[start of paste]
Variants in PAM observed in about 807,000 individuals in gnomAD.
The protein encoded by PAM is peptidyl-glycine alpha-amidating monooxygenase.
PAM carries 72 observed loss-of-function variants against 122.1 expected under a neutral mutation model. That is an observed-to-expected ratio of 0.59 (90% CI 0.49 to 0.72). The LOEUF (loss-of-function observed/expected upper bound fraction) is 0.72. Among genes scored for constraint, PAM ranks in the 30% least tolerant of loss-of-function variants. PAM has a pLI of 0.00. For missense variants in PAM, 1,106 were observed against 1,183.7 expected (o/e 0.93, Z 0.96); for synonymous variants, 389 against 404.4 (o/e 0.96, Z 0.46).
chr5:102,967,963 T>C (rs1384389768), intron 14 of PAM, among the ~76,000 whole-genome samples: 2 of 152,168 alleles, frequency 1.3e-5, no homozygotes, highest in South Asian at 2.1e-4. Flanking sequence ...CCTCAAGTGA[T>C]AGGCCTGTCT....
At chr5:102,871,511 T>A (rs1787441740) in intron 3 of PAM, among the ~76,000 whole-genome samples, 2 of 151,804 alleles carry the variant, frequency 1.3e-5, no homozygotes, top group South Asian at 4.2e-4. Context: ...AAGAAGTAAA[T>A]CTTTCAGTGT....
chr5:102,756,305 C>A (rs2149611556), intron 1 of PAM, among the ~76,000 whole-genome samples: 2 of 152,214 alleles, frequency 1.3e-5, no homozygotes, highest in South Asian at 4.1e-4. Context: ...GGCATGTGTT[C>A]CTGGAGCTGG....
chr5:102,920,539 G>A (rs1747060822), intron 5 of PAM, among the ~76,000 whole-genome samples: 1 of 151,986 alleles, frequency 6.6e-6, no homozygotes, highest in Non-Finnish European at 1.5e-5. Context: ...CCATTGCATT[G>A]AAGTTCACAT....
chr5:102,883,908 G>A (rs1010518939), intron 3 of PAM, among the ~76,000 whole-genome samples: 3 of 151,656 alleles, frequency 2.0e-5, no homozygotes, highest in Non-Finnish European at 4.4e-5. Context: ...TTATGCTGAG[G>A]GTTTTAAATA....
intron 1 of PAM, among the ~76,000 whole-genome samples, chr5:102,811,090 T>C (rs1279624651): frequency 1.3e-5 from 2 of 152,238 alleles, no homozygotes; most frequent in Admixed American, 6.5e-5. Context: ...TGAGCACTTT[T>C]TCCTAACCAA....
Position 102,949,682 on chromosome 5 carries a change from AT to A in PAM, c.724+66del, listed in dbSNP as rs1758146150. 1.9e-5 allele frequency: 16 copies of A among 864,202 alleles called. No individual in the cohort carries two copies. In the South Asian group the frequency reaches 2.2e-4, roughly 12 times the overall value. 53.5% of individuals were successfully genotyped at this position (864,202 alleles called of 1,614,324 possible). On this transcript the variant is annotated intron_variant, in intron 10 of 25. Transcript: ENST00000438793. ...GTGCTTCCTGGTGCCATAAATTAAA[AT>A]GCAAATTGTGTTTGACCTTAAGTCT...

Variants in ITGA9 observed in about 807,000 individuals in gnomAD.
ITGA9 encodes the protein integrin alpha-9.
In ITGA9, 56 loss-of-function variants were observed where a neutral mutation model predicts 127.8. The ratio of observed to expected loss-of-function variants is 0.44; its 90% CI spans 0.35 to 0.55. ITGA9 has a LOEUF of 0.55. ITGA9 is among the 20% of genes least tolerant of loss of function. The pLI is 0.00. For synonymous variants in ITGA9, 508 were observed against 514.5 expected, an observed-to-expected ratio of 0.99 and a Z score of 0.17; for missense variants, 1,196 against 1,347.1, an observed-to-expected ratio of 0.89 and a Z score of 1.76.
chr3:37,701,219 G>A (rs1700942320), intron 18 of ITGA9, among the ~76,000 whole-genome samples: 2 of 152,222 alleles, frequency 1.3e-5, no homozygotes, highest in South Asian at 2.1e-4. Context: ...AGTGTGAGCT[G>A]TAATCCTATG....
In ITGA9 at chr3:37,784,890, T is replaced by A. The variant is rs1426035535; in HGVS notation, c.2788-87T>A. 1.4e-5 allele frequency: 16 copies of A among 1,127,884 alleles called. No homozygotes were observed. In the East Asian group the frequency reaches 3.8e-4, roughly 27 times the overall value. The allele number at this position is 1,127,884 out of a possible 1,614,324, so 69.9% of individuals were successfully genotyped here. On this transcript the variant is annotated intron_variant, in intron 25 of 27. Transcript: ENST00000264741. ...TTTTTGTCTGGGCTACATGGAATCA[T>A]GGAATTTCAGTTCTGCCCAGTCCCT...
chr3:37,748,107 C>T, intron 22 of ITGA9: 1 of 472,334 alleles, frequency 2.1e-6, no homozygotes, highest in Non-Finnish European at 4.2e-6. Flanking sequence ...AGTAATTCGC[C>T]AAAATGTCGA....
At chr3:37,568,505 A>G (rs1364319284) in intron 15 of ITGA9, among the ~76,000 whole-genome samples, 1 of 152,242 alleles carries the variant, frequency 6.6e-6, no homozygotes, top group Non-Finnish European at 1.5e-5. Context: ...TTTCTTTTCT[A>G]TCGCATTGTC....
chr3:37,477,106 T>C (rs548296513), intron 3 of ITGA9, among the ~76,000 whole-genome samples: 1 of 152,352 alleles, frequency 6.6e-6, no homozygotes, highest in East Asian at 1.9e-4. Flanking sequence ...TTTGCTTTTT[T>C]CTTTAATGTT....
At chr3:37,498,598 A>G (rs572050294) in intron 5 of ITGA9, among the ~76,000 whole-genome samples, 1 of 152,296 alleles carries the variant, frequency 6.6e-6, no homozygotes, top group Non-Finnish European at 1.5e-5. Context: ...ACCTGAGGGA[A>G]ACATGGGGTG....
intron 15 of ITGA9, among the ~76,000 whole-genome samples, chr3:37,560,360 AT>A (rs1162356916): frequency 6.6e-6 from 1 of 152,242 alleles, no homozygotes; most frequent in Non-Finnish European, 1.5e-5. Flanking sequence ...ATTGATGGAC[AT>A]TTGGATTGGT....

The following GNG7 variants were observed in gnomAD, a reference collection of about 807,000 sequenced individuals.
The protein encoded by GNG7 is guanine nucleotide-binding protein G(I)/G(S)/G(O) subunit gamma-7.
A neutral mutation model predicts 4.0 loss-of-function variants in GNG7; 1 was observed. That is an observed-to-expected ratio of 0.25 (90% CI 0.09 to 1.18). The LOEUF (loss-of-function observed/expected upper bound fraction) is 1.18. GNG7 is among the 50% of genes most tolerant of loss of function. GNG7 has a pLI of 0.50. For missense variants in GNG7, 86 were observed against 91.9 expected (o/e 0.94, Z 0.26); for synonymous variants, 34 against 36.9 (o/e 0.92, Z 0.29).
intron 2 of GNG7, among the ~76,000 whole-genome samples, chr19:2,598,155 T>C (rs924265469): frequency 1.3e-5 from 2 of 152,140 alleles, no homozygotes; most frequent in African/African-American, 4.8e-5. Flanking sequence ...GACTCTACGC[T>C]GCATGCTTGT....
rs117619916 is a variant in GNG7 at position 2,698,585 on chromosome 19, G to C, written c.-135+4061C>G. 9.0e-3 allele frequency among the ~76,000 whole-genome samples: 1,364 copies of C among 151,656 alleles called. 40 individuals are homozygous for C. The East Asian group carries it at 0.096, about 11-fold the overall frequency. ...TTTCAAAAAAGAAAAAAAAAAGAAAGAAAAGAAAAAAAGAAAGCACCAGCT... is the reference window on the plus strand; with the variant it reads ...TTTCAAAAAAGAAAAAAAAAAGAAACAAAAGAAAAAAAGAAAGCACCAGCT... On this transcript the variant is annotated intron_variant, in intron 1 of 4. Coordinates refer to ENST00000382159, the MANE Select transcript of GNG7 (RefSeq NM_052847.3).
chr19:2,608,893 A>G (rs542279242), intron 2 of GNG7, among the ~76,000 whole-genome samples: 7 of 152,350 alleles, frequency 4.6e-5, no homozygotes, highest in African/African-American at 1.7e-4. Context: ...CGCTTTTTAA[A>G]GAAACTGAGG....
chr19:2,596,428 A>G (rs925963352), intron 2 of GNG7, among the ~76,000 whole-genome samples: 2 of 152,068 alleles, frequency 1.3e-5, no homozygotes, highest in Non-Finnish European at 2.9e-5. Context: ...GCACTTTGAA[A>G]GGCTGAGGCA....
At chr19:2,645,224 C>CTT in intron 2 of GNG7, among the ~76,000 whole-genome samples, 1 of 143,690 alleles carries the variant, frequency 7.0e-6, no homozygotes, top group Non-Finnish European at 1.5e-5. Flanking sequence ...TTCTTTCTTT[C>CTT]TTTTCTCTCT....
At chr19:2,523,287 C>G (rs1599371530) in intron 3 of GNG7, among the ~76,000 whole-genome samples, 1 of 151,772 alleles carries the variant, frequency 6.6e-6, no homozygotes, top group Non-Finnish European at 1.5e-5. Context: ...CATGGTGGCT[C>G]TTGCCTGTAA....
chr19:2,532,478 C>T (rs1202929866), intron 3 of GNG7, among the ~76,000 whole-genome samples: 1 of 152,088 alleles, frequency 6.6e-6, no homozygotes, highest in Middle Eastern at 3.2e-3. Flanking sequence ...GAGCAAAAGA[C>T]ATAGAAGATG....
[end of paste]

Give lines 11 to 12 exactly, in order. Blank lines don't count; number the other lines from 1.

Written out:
Variants in ITGA9 observed in about 807,000 individuals in gnomAD.
ITGA9 encodes the protein integrin alpha-9.